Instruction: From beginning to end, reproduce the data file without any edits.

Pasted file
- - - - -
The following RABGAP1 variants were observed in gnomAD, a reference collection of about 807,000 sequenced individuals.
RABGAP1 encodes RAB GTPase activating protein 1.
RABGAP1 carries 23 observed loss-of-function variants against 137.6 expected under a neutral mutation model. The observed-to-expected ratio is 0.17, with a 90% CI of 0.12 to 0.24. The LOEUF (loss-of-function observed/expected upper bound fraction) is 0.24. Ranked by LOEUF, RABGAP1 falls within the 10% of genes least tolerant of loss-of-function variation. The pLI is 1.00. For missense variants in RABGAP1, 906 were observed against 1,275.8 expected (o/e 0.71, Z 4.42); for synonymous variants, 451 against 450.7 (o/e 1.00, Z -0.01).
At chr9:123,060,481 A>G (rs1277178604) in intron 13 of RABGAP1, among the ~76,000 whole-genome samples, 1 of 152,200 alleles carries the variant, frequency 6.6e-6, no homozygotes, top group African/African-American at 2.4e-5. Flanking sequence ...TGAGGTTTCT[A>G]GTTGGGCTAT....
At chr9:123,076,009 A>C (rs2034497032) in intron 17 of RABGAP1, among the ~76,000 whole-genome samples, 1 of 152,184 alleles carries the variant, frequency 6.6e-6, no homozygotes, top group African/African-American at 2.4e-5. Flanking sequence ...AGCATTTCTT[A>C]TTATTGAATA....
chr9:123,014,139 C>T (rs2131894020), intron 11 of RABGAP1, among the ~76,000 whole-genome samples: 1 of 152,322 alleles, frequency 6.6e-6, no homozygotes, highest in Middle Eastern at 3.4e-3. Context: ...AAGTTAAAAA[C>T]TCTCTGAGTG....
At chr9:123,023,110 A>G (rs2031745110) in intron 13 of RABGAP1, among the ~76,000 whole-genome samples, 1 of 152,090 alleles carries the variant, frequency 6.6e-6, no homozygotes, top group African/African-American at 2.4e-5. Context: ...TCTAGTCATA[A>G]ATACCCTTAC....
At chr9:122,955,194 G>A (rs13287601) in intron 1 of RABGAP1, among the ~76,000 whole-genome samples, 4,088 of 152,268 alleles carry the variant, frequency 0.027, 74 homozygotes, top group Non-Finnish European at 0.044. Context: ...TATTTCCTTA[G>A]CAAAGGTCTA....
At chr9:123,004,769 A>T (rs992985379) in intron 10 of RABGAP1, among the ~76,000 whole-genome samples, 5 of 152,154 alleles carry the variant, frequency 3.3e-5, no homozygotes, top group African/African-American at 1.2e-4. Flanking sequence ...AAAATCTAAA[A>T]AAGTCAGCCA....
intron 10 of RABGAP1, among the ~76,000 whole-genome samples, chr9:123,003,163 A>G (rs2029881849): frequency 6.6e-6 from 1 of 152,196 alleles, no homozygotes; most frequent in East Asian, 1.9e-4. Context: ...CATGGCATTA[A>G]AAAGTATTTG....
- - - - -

The following RABGAP1 variants were observed in gnomAD, a reference collection of about 807,000 sequenced individuals.
RABGAP1 encodes RAB GTPase activating protein 1.
RABGAP1 carries 23 observed loss-of-function variants against 137.6 expected under a neutral mutation model. The observed-to-expected ratio is 0.17, with a 90% CI of 0.12 to 0.24. The LOEUF (loss-of-function observed/expected upper bound fraction) is 0.24. Ranked by LOEUF, RABGAP1 falls within the 10% of genes least tolerant of loss-of-function variation. The pLI is 1.00. For missense variants in RABGAP1, 906 were observed against 1,275.8 expected (o/e 0.71, Z 4.42); for synonymous variants, 451 against 450.7 (o/e 1.00, Z -0.01).
At chr9:123,060,481 A>G (rs1277178604) in intron 13 of RABGAP1, among the ~76,000 whole-genome samples, 1 of 152,200 alleles carries the variant, frequency 6.6e-6, no homozygotes, top group African/African-American at 2.4e-5. Flanking sequence ...TGAGGTTTCT[A>G]GTTGGGCTAT....
At chr9:123,076,009 A>C (rs2034497032) in intron 17 of RABGAP1, among the ~76,000 whole-genome samples, 1 of 152,184 alleles carries the variant, frequency 6.6e-6, no homozygotes, top group African/African-American at 2.4e-5. Flanking sequence ...AGCATTTCTT[A>C]TTATTGAATA....
chr9:123,014,139 C>T (rs2131894020), intron 11 of RABGAP1, among the ~76,000 whole-genome samples: 1 of 152,322 alleles, frequency 6.6e-6, no homozygotes, highest in Middle Eastern at 3.4e-3. Context: ...AAGTTAAAAA[C>T]TCTCTGAGTG....
At chr9:123,023,110 A>G (rs2031745110) in intron 13 of RABGAP1, among the ~76,000 whole-genome samples, 1 of 152,090 alleles carries the variant, frequency 6.6e-6, no homozygotes, top group African/African-American at 2.4e-5. Context: ...TCTAGTCATA[A>G]ATACCCTTAC....
At chr9:122,955,194 G>A (rs13287601) in intron 1 of RABGAP1, among the ~76,000 whole-genome samples, 4,088 of 152,268 alleles carry the variant, frequency 0.027, 74 homozygotes, top group Non-Finnish European at 0.044. Context: ...TATTTCCTTA[G>A]CAAAGGTCTA....
At chr9:123,004,769 A>T (rs992985379) in intron 10 of RABGAP1, among the ~76,000 whole-genome samples, 5 of 152,154 alleles carry the variant, frequency 3.3e-5, no homozygotes, top group African/African-American at 1.2e-4. Flanking sequence ...AAAATCTAAA[A>T]AAGTCAGCCA....
intron 10 of RABGAP1, among the ~76,000 whole-genome samples, chr9:123,003,163 A>G (rs2029881849): frequency 6.6e-6 from 1 of 152,196 alleles, no homozygotes; most frequent in East Asian, 1.9e-4. Context: ...CATGGCATTA[A>G]AAAGTATTTG....